Life Insurance with Bipolar Disorder or Schizophrenia

Affordable coverage is possible!

If you have a diagnosis of schizophrenia or bipolar disorder, acquiring life insurance may be difficult, frustrating, or daunting at the very least. Many people living with these conditions have reported being declined by life insurance companies or being charged excessive rates for minimal coverage. While it’s true that the process is not an easy one, it is not impossible.

Much depends on the seriousness or severity of your condition and the success of treatment methods. For example, whether you are on medication or going to therapy. Even if these conditions have a huge impact on your daily life, you may qualify for standard life insurance policies. As a last resort, there are guaranteed issue polices that may suit your needs.

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The Challenge of Applying For Insurance With Schizophrenia or Bipolar Disorder
Navigating Conversations Regarding Your Diagnosis With An Insurance Agent
How To Get Life Insurance Living With These Conditions
Cost and Policy Options According to Levels of Severity

So, the question becomes: how do you make the best possible case for yourself, as a person diagnosed with schizophrenia and/or bipolar disorder, to receive the best life insurance coverage available to people with these diagnoses?

The first step is to be one step ahead of the insurance agent. You should know exactly what questions they’re going to ask, what concerns are at the forefront of their minds, and what the ins and outs of insurance policies are that grant coverage to people with bipolar disorder or schizophrenia.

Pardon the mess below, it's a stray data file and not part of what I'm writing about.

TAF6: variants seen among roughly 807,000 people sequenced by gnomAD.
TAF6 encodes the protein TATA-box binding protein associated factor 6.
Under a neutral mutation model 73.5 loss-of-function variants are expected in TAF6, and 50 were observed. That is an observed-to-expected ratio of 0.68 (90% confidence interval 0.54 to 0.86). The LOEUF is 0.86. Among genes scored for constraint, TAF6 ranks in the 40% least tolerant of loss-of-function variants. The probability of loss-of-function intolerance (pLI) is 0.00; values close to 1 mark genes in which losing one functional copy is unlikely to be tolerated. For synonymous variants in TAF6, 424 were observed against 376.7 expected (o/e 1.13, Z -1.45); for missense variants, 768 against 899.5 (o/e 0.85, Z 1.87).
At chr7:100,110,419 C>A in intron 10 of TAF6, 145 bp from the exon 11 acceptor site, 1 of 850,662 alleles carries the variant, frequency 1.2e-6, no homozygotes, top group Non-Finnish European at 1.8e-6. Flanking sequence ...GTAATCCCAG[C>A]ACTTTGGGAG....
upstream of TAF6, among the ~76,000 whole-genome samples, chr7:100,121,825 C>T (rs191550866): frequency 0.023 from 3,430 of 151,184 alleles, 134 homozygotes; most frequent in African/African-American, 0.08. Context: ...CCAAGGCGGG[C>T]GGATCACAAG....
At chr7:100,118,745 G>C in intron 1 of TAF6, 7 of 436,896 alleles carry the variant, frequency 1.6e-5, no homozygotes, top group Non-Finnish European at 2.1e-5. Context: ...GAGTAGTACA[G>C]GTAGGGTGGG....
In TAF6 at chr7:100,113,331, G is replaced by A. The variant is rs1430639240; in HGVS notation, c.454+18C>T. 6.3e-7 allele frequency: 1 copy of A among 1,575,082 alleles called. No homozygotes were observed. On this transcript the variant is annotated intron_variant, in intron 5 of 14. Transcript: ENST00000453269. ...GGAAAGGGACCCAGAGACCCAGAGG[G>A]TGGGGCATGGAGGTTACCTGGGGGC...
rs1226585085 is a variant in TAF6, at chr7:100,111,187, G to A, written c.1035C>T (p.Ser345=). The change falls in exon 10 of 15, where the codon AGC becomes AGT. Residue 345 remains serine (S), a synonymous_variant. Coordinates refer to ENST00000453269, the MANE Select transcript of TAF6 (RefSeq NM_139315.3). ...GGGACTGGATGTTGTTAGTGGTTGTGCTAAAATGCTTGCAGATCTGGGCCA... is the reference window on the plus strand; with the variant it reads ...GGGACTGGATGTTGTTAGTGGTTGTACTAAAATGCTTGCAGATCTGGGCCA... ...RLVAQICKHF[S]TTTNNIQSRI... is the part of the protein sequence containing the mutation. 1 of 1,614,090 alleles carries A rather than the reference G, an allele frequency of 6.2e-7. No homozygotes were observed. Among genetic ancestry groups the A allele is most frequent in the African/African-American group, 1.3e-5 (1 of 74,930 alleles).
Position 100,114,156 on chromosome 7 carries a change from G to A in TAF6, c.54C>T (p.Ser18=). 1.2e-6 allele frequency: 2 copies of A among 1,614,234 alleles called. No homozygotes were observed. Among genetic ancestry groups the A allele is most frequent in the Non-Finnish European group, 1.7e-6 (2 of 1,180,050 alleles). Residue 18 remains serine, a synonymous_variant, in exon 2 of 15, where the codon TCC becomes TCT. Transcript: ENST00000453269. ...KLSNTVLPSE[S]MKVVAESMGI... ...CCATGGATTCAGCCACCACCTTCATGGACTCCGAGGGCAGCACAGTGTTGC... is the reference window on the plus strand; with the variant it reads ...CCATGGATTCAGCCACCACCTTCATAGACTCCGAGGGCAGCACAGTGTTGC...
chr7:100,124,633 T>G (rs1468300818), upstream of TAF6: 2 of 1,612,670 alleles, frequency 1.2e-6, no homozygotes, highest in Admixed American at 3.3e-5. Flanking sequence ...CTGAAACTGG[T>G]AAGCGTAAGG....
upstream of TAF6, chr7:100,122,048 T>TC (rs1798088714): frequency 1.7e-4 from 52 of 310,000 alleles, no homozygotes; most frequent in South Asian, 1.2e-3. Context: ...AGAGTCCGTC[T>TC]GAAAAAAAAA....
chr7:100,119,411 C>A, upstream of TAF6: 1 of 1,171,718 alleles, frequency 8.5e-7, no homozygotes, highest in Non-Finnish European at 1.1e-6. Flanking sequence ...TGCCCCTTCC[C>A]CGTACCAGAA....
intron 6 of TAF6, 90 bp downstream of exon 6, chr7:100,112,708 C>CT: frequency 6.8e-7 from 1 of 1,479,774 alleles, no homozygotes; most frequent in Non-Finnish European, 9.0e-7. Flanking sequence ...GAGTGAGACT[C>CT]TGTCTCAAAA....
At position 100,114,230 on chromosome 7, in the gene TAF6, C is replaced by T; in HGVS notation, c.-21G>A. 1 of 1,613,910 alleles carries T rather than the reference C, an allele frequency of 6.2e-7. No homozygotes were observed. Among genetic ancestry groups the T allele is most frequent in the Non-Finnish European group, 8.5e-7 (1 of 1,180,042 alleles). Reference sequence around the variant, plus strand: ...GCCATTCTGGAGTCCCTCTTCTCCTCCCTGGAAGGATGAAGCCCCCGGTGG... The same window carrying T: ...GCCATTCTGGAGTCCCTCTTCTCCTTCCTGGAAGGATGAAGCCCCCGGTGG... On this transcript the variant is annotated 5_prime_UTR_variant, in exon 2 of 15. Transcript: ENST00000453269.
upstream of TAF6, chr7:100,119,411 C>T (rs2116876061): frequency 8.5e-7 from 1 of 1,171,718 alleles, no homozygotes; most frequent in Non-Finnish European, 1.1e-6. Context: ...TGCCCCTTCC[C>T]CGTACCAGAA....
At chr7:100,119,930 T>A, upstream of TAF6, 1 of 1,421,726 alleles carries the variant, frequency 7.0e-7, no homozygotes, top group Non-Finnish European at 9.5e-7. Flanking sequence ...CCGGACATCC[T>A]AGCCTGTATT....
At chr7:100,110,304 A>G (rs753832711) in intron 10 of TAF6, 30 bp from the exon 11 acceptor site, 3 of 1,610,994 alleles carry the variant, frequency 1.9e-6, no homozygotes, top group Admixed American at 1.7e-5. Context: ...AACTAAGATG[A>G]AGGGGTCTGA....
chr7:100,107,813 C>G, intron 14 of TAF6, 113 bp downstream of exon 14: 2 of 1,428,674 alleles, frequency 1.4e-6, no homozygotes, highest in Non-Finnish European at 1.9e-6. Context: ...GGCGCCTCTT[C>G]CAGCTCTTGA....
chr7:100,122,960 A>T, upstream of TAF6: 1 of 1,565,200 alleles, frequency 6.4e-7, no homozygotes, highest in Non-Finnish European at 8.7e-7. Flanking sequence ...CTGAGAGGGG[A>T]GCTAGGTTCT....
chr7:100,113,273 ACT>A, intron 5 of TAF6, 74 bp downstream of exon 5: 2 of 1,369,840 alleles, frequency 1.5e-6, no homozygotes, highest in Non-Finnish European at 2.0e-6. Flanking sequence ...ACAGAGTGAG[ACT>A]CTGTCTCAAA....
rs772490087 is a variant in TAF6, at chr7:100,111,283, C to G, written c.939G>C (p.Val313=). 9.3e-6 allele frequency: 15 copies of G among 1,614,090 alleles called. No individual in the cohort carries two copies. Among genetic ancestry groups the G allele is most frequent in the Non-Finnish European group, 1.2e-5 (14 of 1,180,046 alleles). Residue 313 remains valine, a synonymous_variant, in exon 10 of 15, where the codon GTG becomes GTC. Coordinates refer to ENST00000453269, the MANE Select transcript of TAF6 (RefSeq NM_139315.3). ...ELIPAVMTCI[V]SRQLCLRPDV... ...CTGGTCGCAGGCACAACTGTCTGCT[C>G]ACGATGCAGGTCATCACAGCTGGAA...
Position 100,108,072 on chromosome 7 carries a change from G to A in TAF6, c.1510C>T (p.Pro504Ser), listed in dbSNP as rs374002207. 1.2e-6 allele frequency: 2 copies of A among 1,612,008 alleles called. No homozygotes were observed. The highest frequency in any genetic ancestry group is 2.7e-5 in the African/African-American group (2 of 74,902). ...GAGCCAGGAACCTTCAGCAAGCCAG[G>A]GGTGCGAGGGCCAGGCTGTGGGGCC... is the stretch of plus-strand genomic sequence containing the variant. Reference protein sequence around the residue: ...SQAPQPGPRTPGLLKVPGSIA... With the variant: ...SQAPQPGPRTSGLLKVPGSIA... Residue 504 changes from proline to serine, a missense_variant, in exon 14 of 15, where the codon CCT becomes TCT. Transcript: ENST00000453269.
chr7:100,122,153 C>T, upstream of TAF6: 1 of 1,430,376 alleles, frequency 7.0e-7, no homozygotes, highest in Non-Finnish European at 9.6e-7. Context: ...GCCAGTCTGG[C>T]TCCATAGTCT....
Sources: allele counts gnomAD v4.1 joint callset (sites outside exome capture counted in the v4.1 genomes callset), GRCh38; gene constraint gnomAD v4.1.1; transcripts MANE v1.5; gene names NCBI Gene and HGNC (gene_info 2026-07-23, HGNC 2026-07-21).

The Challenge of Applying For Life Insurance With Schizophrenia or Bipolar Disorder

Bipolar Disorder

Schizophrenia and bipolar disorder are two of the least understood mental health diagnoses out there and, because of this, they are oftentimes misrepresented and stigmatized. This alone makes the process of applying for life insurance seem isolating, nerve-wracking, or even impossible. Life insurance can be particularly anxiety-provoking with its underwriting process, medical examinations, and checks into your health history.

The first thing that you need to know is that there are policies out there that will help you. There is not one ‘singular’ experience for people who are diagnosed with these mental illnesses. Many people who live with schizophrenia and bipolar disorder are very functional and minimally affected. Others may need medication or therapy to control their effects.

When you work with your insurance agent to construct a plan, the first step is to know exactly how the agency will attempt to define or categorize this diagnosis.

Navigating Conversations Regarding Your Diagnosis With A Life Insurance Agent

By understanding how your diagnosis is perceived and understood by the general public, you can better navigate conversations with your insurance agent and discuss how your particular experience of bipolar disorder or schizophrenia both aligns and differs from commonly understood symptoms.